Rebuild Illinois infrastructure plan could face significant shortfall due to COVID-19

The state could underperform expectations on motor fuel tax revenue by up to $560 million in 2020 alone

May 06, 2020
Rebuild Illinois infrastructure plan could face significant shortfall due to COVID-19
Image: Illinois Economic Policy Institute

A new report from the Illinois Economic Policy Institute (ILEPI) shows how the COVID-19 pandemic has created significant new challenges for the six-year, $45 billion infrastructure modernization plan the state passed last year.

“The downstream effects of the COVID-19 economic disruption will extend far beyond the immediate hardships for businesses who have closed their doors and employees who have been laid off,” ILEPI Policy Director and study co-author Frank Manzo IV said in a statement. “Vital public services and planned infrastructure investments by both states and municipalities are being threatened by the loss of income, corporate, sales, fuel, and other tax revenues on which they rely.”

Researchers at the University of Illinois have already predicted that COVID-19 related tax revenue losses could cost the state $4.3 billion between 2020 and 2021 and as much as $28 billion by 2023.

One program reviewed by ILEPI researchers that could be especially hard hit is Rebuild Illinois—a bipartisan infrastructure plan that was signed into law in June of 2019. The six-year, $45 billion program was developed to address decades-long maintenance and modernization backlogs to the state’s roads, bridges, transit systems, schools, water, and broadband systems. Revenues from motor fuel taxes (MFT) and an expansion of gaming operations represented the single largest new revenue sources for the program. But since the state’s efforts to contain the spread of COVID-19 went into effect, road travel is down as much as 46% and reported ridership on public transit systems has declined as much as 90% since January.

Estimated annual motor fuel tax revenue losses
Image: Illinois Economic Policy Institute

“As part of the Rebuild Illinois plan, annual revenues from the state’s Motor Fuel Tax (MFT) were expected to increase from $1.3 billion to nearly $2.6 billion,” study-co-author and ILEPI transportation analyst Mary Tyler said. “After applying the Chicago Metropolitan Agency for Planning’s (CMAP) estimates on pandemic related travel disruptions to three scenarios, with travel disruptions lasting from 6 to 10 months, we found that the state could underperform expectations on MFT revenue by between $300 million and $560 million in 2020 alone.”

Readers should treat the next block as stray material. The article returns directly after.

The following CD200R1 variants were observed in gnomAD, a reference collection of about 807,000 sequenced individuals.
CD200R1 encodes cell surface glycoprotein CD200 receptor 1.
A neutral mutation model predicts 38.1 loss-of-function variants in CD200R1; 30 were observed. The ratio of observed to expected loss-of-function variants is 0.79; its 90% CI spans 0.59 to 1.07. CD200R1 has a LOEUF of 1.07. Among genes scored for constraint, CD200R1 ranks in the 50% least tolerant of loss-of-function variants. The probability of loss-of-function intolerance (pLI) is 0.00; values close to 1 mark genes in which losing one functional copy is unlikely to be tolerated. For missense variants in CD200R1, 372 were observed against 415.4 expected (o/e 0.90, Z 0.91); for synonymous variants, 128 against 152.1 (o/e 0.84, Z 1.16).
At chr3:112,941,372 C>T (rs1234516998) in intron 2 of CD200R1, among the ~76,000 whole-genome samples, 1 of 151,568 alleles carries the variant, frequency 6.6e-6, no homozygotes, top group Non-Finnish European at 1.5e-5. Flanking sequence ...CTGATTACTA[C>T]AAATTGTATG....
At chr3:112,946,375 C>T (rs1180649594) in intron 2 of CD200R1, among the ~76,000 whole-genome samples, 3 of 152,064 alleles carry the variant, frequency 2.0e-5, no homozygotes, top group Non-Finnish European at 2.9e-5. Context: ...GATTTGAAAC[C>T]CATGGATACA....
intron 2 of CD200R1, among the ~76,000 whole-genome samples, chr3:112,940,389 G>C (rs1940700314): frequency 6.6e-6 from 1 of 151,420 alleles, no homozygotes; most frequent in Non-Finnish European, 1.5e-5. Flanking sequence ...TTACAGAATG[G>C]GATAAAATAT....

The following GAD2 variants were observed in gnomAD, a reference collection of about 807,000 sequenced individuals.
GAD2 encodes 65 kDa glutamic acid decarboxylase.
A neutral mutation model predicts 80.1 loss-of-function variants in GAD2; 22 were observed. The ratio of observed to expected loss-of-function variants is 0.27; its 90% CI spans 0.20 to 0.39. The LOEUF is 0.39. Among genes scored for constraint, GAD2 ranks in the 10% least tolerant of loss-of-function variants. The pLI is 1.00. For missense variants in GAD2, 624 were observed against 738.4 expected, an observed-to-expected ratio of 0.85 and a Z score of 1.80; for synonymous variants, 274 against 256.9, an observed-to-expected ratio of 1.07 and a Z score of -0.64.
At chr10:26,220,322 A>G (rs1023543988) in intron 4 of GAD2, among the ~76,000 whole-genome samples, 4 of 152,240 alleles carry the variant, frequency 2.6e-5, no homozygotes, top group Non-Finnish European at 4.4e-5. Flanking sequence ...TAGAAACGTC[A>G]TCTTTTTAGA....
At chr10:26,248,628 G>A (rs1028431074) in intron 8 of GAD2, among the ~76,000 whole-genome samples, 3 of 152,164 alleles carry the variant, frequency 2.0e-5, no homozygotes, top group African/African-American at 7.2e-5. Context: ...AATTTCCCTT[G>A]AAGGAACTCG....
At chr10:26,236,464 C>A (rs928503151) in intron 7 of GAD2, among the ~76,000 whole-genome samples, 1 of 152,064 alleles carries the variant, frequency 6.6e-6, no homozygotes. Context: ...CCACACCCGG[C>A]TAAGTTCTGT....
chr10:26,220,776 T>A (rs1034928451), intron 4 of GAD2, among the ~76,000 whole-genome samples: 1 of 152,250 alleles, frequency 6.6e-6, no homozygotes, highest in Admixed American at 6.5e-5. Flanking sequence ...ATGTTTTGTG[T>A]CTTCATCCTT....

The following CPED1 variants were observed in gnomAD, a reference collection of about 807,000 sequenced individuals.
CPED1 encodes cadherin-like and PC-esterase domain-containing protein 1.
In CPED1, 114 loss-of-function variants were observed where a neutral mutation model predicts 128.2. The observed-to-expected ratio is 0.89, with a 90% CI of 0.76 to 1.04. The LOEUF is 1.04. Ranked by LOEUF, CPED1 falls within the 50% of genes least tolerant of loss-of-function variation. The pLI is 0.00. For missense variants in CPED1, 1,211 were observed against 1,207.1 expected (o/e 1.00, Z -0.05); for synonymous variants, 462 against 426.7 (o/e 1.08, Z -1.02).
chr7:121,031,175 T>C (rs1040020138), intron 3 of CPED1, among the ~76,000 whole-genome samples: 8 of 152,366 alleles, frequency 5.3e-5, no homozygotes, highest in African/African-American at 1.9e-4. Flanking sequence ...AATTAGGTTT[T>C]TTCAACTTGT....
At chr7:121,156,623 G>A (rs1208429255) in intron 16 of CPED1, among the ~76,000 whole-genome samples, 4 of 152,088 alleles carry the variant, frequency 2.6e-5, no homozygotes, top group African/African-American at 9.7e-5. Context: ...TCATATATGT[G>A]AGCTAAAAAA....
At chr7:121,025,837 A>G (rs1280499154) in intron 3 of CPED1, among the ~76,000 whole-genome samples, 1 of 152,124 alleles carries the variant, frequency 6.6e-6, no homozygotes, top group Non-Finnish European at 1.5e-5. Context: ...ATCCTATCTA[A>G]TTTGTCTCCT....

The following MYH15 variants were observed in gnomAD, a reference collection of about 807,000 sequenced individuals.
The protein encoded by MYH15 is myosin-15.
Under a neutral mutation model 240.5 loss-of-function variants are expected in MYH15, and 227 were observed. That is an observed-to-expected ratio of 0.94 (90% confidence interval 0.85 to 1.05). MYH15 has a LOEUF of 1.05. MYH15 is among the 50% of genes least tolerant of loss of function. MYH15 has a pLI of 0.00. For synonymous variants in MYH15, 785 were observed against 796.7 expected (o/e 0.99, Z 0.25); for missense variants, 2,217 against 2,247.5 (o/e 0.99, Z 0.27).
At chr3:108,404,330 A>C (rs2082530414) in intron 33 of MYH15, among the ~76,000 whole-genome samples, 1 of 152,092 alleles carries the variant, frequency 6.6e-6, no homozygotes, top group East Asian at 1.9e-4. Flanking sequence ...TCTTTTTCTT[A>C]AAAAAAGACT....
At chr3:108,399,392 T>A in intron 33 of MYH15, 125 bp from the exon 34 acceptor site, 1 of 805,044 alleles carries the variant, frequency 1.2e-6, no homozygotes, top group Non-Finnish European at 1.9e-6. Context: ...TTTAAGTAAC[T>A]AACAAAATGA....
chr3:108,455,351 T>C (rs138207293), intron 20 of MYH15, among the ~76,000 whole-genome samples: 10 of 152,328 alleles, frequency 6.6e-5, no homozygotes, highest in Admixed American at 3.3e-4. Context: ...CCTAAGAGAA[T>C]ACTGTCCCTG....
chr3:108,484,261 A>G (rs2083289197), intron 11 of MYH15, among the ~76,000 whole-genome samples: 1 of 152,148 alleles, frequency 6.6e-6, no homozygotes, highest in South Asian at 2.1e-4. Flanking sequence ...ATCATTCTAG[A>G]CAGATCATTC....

ILEPI says recent research has found that Chicago’s “state of good repair” transit backlog was nearing $20 billion, 20% of IDOT roadways were considered to be in “poor condition,” and more than one-third of the state’s bridges were either structurally deficient or had exceeded their design life. Years-long unsustainable funding sources led to these issues, resulting in a $4.6 billion annual shortfall in transportation funding prior to Rebuild Illinois, contributing to even more extensive maintenance, roadway safety, and congestion-addressing needs.

ILEPI researchers found that emergency federal support to state transportation agencies could offer an especially high return on investment, generating $1.57 for every dollar spent nationally, and anywhere from $1.74 to $3.52 for every dollar invested in the state of Illinois.

Economic impact of investing in Illinois infrastructure
Image: Illinois Economic Policy Institute

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SOURCE: Illinois Economic Policy Institute

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